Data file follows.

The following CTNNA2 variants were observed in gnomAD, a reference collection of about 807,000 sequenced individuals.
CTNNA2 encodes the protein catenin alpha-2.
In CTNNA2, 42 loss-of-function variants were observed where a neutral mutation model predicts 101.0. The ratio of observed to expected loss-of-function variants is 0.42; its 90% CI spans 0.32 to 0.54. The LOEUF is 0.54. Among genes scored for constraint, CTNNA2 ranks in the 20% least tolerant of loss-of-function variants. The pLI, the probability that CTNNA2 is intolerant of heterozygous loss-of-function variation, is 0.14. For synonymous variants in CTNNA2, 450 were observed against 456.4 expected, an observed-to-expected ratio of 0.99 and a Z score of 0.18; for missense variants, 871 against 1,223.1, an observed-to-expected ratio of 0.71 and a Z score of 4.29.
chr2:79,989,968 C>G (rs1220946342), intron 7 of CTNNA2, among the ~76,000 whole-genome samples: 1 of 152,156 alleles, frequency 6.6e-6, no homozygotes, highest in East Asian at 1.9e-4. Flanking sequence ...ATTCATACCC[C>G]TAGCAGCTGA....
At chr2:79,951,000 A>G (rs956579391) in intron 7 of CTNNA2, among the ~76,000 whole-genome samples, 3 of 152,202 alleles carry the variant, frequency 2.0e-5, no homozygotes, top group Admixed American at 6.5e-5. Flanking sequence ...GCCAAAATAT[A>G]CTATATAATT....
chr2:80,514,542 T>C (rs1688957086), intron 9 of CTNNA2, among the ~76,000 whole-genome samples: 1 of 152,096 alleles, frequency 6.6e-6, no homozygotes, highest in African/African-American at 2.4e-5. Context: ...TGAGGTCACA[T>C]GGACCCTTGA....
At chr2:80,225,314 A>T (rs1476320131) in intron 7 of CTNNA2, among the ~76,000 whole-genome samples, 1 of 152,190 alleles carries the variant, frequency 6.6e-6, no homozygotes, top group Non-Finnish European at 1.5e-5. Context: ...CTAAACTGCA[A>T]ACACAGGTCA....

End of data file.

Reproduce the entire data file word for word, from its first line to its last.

The following CTNNA2 variants were observed in gnomAD, a reference collection of about 807,000 sequenced individuals.
CTNNA2 encodes the protein catenin alpha-2.
In CTNNA2, 42 loss-of-function variants were observed where a neutral mutation model predicts 101.0. The ratio of observed to expected loss-of-function variants is 0.42; its 90% CI spans 0.32 to 0.54. The LOEUF is 0.54. Among genes scored for constraint, CTNNA2 ranks in the 20% least tolerant of loss-of-function variants. The pLI, the probability that CTNNA2 is intolerant of heterozygous loss-of-function variation, is 0.14. For synonymous variants in CTNNA2, 450 were observed against 456.4 expected, an observed-to-expected ratio of 0.99 and a Z score of 0.18; for missense variants, 871 against 1,223.1, an observed-to-expected ratio of 0.71 and a Z score of 4.29.
chr2:79,989,968 C>G (rs1220946342), intron 7 of CTNNA2, among the ~76,000 whole-genome samples: 1 of 152,156 alleles, frequency 6.6e-6, no homozygotes, highest in East Asian at 1.9e-4. Flanking sequence ...ATTCATACCC[C>G]TAGCAGCTGA....
At chr2:79,951,000 A>G (rs956579391) in intron 7 of CTNNA2, among the ~76,000 whole-genome samples, 3 of 152,202 alleles carry the variant, frequency 2.0e-5, no homozygotes, top group Admixed American at 6.5e-5. Flanking sequence ...GCCAAAATAT[A>G]CTATATAATT....
chr2:80,514,542 T>C (rs1688957086), intron 9 of CTNNA2, among the ~76,000 whole-genome samples: 1 of 152,096 alleles, frequency 6.6e-6, no homozygotes, highest in African/African-American at 2.4e-5. Context: ...TGAGGTCACA[T>C]GGACCCTTGA....
At chr2:80,225,314 A>T (rs1476320131) in intron 7 of CTNNA2, among the ~76,000 whole-genome samples, 1 of 152,190 alleles carries the variant, frequency 6.6e-6, no homozygotes, top group Non-Finnish European at 1.5e-5. Context: ...CTAAACTGCA[A>T]ACACAGGTCA....